Look back, I said: "Actually a multi-viscosity oil is just the opposite. It is an oil that has its viscosity stabilized (in other words it is mostly the same viscosity all the time). So it can be thin when thin is cool and thick when thick is hot."
It isn't deciding to be one thing one time and something else later. It is a "Statement". It is trying to show how a particular type of oil does differently than previously. In other words: Old dino oil, 40w. When it is cold it is actually 90w (example only), when hot it is actually 10w. Now we look at viscosity stabilized oil (multi-viscosity is the term). When cold it probably is probably 40 weight, when hot about 20w. Its properties at cold temps are like those of a 15w straight weight oil. Its properties at engine temp are similar to a 40w oil. The range is different.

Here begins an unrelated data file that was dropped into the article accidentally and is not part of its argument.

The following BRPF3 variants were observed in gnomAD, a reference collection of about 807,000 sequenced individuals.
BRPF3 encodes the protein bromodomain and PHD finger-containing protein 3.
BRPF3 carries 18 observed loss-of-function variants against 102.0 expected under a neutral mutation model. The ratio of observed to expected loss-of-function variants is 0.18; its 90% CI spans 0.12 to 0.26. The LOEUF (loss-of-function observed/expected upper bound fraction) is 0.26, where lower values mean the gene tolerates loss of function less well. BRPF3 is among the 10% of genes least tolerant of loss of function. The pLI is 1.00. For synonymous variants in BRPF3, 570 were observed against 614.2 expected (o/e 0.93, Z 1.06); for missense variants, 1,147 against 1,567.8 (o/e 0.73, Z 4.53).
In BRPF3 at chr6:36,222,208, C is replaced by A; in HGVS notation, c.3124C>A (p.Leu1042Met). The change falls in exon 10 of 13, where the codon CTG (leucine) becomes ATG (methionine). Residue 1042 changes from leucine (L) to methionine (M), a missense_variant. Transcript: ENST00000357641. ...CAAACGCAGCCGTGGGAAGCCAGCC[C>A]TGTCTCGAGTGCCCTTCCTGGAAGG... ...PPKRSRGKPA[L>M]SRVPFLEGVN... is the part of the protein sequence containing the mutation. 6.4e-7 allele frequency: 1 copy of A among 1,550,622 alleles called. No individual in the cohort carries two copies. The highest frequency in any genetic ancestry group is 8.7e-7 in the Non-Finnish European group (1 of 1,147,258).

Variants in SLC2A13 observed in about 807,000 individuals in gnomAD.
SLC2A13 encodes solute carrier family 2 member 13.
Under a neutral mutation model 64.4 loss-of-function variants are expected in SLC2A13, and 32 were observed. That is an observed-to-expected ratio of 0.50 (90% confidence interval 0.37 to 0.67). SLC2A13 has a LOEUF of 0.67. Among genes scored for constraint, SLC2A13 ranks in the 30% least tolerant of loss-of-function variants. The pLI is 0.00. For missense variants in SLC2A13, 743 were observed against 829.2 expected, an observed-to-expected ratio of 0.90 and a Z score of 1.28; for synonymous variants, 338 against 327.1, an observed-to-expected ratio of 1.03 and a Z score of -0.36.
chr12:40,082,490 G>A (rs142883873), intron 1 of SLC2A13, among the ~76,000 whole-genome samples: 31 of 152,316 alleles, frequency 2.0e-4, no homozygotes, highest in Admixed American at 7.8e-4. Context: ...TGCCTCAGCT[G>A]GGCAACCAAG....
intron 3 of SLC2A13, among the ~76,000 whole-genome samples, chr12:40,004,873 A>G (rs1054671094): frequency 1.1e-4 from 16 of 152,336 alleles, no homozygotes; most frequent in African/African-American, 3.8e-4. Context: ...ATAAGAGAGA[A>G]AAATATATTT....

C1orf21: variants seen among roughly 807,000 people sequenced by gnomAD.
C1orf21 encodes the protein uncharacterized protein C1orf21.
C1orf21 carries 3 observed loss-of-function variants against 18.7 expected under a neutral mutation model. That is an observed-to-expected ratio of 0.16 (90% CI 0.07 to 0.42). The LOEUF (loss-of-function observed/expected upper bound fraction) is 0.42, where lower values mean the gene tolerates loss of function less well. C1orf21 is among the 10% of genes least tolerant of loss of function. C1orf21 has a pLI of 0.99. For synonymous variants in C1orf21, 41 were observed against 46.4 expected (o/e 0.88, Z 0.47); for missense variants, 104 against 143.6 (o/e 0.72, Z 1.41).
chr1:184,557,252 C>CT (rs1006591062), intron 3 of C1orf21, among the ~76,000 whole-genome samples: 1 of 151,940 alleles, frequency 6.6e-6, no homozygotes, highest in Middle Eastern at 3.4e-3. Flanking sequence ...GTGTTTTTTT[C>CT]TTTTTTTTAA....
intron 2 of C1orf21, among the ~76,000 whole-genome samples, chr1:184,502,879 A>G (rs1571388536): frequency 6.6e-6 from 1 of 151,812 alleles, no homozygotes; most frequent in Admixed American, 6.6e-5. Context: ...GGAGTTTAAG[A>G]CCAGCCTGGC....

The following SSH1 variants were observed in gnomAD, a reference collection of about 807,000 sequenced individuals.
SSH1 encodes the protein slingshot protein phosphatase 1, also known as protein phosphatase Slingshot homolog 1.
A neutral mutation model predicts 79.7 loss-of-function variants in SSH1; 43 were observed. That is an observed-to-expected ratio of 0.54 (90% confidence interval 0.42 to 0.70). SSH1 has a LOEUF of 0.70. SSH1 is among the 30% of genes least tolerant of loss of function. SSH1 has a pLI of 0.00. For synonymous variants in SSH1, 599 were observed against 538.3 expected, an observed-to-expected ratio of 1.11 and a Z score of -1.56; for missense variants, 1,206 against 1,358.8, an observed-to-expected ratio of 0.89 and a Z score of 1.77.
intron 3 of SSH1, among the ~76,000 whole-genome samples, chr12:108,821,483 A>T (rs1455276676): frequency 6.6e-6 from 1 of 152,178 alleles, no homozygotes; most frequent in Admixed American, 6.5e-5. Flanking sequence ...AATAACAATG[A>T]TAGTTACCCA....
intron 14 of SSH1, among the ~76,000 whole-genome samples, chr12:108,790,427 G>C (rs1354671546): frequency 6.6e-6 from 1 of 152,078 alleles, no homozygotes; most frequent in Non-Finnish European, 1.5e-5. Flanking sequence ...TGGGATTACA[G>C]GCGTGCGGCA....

I hope you are getting this as I am getting confused (bg).
Bosch Master, ASE Master, L1
33 years MB technician